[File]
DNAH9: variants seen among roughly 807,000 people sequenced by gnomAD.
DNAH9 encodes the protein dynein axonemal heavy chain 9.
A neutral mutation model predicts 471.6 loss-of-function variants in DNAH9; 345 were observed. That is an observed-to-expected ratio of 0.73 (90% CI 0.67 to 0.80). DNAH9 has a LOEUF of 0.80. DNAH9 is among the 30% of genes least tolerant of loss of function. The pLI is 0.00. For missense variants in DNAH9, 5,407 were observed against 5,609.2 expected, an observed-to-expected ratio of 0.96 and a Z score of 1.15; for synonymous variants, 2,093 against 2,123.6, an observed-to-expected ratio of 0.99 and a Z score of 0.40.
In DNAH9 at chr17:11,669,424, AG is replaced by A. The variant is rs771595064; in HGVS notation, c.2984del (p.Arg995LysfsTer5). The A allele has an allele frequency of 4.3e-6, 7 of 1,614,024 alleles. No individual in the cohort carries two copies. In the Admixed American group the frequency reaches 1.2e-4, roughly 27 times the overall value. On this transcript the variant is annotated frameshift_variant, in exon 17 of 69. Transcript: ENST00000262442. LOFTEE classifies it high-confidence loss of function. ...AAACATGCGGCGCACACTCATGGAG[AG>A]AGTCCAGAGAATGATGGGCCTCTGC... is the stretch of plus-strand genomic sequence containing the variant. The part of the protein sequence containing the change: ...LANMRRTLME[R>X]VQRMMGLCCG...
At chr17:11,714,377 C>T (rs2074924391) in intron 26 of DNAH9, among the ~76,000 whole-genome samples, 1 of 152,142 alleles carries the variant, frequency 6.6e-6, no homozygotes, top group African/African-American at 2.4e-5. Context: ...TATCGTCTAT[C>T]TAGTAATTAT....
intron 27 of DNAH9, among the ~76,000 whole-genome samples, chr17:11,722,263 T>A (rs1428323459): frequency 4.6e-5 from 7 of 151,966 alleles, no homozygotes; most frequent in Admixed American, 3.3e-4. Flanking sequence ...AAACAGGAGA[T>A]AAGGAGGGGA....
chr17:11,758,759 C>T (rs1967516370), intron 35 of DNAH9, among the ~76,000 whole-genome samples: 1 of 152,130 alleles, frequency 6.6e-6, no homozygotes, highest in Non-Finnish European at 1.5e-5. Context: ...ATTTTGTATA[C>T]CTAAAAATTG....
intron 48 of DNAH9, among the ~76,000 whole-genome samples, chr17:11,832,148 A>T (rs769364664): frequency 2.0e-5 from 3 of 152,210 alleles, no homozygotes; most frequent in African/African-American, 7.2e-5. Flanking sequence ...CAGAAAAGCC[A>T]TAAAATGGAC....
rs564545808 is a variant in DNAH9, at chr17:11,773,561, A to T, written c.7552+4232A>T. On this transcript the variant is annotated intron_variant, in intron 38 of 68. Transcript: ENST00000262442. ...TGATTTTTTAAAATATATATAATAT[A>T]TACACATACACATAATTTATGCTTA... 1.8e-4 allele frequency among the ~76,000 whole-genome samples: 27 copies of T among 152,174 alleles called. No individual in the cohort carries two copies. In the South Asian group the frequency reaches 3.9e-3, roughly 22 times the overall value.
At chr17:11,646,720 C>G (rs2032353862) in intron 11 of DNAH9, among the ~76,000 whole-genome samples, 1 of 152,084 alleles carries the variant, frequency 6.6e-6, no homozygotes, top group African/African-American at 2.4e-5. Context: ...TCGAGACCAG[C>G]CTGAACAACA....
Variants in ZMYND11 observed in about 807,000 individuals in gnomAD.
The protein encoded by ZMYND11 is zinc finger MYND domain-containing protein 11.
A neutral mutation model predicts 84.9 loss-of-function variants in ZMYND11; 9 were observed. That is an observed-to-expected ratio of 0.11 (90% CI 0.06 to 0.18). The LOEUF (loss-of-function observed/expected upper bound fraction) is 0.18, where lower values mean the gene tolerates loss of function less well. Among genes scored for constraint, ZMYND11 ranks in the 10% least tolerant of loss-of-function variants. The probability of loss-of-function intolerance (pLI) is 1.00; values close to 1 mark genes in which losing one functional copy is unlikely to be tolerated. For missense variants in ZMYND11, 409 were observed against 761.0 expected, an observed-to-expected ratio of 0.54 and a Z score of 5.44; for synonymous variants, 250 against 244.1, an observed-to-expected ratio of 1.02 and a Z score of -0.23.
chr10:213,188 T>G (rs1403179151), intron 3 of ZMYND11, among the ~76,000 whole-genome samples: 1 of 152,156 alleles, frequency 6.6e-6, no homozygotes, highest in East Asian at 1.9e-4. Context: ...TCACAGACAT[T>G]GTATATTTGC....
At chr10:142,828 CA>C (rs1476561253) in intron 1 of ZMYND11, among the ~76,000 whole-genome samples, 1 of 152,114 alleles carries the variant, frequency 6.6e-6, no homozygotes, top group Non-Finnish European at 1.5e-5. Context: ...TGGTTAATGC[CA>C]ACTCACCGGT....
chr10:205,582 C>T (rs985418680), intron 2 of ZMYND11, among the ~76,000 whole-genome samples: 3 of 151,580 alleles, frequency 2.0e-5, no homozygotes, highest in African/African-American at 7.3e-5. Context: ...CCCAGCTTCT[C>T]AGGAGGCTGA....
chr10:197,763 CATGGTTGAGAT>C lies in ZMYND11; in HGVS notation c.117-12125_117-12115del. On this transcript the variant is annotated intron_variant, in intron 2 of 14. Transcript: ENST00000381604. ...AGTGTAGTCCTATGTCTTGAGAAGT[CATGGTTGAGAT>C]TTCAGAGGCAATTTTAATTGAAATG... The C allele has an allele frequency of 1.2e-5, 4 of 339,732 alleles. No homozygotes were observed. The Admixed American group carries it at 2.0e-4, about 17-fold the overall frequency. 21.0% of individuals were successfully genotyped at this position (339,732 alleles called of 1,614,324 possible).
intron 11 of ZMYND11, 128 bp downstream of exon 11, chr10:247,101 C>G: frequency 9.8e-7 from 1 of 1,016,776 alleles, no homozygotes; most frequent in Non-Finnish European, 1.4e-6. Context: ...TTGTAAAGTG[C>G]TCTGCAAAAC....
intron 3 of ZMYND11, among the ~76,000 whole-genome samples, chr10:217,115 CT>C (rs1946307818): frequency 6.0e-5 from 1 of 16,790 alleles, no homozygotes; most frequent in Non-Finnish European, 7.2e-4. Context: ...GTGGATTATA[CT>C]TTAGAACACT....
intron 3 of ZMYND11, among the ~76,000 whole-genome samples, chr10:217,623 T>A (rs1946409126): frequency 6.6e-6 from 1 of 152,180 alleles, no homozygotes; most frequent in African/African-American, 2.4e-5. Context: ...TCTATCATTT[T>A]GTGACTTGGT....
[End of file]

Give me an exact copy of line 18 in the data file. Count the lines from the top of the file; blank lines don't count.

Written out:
intron 11 of ZMYND11, 128 bp downstream of exon 11, chr10:247,101 C>G: frequency 9.8e-7 from 1 of 1,016,776 alleles, no homozygotes; most frequent in Non-Finnish European, 1.4e-6. Context: ...TTGTAAAGTG[C>G]TCTGCAAAAC....